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It was thus said that the Great Soni L. once stated:
> If you wanna try this as a challenge: 
> (And no, ipairs() and stuff is not allowed. ipairs() looks for the first 
> nil and treats that as the array boundary, which in this case counts as 
> an explicit length calculation.)

  You're moving the goal posts YET AGAIN!  I quote from your question on
Code Challenge:

	The end of the array is a sequence of some value we'll call
	$PLACEHOLDER repeated for the same length as the array itself. You
	can (and should) use this to your advantage.

  In the case of Lua, $PLACEHOLDER is nil.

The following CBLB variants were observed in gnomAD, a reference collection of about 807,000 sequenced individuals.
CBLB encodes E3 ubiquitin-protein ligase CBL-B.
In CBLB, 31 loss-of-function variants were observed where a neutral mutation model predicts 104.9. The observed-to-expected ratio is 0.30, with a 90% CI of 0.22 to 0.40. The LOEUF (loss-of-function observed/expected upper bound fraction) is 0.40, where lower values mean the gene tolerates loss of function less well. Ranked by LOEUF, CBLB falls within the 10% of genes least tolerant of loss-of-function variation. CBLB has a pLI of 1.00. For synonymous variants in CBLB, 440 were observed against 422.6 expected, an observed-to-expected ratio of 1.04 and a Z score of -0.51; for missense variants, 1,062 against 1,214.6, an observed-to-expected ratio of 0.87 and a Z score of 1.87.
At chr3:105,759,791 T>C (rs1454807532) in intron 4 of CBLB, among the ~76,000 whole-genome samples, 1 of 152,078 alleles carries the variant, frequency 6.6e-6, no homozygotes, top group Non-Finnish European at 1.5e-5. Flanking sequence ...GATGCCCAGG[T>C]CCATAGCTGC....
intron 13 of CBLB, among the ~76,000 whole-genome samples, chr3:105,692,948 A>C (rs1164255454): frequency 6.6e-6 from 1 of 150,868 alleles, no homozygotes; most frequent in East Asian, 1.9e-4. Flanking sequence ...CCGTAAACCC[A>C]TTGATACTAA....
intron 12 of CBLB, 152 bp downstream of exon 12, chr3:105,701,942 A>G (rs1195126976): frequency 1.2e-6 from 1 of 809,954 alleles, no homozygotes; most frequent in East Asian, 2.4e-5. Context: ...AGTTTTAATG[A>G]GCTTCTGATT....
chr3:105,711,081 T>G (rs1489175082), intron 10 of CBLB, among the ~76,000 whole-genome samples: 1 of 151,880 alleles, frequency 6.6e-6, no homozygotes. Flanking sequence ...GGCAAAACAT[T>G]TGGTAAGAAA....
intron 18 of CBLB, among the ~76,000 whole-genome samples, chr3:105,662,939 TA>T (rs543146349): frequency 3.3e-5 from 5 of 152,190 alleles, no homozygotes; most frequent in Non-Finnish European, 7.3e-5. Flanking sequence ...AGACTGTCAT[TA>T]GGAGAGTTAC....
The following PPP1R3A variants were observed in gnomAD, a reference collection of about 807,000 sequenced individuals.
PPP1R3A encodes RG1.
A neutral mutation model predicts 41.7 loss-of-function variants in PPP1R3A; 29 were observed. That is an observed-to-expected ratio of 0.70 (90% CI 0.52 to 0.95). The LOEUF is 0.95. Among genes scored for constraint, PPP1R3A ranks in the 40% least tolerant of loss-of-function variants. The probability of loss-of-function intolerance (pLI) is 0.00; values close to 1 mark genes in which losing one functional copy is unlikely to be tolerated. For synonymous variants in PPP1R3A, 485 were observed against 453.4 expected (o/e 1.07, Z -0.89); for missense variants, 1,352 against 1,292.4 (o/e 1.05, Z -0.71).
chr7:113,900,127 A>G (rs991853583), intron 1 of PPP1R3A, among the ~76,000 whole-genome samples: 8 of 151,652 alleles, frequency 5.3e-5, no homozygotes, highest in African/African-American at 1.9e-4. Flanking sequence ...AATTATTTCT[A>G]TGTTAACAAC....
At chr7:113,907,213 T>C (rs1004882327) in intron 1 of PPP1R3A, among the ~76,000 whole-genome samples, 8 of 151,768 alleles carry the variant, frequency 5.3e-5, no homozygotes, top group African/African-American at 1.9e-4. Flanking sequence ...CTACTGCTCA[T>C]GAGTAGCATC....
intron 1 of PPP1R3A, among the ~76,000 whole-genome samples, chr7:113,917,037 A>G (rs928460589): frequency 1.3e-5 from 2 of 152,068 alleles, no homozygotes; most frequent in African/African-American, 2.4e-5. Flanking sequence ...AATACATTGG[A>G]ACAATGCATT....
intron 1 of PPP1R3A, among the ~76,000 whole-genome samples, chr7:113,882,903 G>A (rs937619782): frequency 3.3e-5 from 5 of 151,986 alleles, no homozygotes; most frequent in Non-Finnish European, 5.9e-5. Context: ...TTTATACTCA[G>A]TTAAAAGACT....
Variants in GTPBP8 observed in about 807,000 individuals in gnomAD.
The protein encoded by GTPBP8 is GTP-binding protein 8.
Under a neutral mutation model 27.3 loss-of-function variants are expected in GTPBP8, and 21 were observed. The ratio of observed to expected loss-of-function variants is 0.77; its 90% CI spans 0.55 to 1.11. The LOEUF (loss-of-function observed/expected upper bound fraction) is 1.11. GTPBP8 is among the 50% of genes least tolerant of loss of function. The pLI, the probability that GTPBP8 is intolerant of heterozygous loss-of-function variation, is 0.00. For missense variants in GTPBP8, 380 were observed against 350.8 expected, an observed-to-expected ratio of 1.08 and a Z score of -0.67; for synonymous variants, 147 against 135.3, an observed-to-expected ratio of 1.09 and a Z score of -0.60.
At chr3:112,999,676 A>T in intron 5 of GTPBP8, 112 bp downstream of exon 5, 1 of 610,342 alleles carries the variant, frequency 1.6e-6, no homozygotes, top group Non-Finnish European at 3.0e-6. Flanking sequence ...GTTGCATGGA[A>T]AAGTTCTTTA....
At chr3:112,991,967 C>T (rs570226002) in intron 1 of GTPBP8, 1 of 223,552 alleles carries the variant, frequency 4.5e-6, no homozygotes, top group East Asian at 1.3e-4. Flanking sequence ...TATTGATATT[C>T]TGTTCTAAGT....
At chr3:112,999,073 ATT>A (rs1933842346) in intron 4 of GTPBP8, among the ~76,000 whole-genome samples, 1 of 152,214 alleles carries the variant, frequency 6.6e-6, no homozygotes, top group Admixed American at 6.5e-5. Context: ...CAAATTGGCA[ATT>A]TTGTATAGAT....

So, can we use nil, or not?  What is the difference between ipairs()
stopping on a nil, and our code stopping on a nil?  Just how are we to
detemine the end of input?

  Soni, if you are *really* interested in the answer, I implore you to read
Chapter 5 of _The Art of Computer Programming_ by Donald Knuth.  It's a
quick read [1] that covers everything there pretty much is to know about
sorting and then some.  You should be able to find a copy via a library
(it's a bit pricy).  

  -spc (More specifically, Chapter 5, section 2, "Internal Sorting".  That's
	an even quicker read at about 100 pages)

[1]	Only 388 pages. And yes, that's 388 pages for Chapter 5 alone.